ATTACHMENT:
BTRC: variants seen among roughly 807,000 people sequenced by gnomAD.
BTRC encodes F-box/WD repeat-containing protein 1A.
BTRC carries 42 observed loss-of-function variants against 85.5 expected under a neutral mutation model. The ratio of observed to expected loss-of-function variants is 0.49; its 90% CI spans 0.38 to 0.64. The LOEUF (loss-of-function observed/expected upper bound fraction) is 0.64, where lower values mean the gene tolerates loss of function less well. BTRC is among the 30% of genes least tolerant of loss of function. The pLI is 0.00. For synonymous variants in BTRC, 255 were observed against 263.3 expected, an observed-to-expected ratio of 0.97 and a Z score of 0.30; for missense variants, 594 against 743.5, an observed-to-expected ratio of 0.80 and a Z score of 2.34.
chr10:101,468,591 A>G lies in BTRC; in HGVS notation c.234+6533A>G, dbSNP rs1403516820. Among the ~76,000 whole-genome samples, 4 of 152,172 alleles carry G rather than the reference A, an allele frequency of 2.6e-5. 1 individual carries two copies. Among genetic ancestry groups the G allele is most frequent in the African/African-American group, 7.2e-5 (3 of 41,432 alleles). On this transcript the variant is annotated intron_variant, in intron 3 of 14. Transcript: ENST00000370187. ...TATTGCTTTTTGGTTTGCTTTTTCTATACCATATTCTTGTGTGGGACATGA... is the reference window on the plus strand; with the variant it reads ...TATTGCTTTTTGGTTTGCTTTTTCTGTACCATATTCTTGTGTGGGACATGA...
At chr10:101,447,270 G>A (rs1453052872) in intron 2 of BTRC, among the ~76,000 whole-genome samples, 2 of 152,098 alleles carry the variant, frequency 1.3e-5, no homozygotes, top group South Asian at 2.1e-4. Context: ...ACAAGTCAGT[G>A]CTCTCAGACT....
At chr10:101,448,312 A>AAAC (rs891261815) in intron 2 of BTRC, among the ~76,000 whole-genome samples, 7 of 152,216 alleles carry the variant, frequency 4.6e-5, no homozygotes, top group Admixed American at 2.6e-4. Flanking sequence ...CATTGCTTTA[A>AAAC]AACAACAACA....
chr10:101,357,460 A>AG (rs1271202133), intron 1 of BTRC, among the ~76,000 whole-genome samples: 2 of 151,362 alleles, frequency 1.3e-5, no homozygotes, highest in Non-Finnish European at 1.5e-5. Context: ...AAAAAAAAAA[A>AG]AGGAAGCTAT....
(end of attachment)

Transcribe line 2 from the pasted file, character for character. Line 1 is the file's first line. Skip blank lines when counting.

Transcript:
BTRC encodes F-box/WD repeat-containing protein 1A.